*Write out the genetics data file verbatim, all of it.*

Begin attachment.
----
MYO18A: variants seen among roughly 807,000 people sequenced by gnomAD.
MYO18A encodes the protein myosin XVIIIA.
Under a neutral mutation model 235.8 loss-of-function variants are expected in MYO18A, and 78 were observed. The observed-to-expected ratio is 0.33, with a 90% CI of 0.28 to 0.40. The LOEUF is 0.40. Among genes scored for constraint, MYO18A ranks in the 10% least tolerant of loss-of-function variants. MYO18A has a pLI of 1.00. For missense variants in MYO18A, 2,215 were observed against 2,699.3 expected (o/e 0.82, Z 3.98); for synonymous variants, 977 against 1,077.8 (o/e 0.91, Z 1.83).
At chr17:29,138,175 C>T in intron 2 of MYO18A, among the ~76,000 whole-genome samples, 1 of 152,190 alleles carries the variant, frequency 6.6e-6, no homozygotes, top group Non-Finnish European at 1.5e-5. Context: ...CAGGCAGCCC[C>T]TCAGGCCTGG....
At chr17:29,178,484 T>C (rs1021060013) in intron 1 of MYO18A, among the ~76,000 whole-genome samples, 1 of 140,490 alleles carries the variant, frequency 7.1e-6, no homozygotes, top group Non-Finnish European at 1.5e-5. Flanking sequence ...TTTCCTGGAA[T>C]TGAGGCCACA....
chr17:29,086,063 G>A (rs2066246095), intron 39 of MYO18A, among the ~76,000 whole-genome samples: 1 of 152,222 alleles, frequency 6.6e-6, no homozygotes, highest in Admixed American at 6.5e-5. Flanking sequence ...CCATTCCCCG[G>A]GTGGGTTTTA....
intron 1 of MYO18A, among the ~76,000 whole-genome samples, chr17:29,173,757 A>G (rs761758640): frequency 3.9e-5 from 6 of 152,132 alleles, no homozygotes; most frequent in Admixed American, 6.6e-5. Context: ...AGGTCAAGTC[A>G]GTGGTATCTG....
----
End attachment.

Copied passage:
MYO18A: variants seen among roughly 807,000 people sequenced by gnomAD.
MYO18A encodes the protein myosin XVIIIA.
Under a neutral mutation model 235.8 loss-of-function variants are expected in MYO18A, and 78 were observed. The observed-to-expected ratio is 0.33, with a 90% CI of 0.28 to 0.40. The LOEUF is 0.40. Among genes scored for constraint, MYO18A ranks in the 10% least tolerant of loss-of-function variants. MYO18A has a pLI of 1.00. For missense variants in MYO18A, 2,215 were observed against 2,699.3 expected (o/e 0.82, Z 3.98); for synonymous variants, 977 against 1,077.8 (o/e 0.91, Z 1.83).
At chr17:29,138,175 C>T in intron 2 of MYO18A, among the ~76,000 whole-genome samples, 1 of 152,190 alleles carries the variant, frequency 6.6e-6, no homozygotes, top group Non-Finnish European at 1.5e-5. Context: ...CAGGCAGCCC[C>T]TCAGGCCTGG....
At chr17:29,178,484 T>C (rs1021060013) in intron 1 of MYO18A, among the ~76,000 whole-genome samples, 1 of 140,490 alleles carries the variant, frequency 7.1e-6, no homozygotes, top group Non-Finnish European at 1.5e-5. Flanking sequence ...TTTCCTGGAA[T>C]TGAGGCCACA....
chr17:29,086,063 G>A (rs2066246095), intron 39 of MYO18A, among the ~76,000 whole-genome samples: 1 of 152,222 alleles, frequency 6.6e-6, no homozygotes, highest in Admixed American at 6.5e-5. Flanking sequence ...CCATTCCCCG[G>A]GTGGGTTTTA....
intron 1 of MYO18A, among the ~76,000 whole-genome samples, chr17:29,173,757 A>G (rs761758640): frequency 3.9e-5 from 6 of 152,132 alleles, no homozygotes; most frequent in Admixed American, 6.6e-5. Context: ...AGGTCAAGTC[A>G]GTGGTATCTG....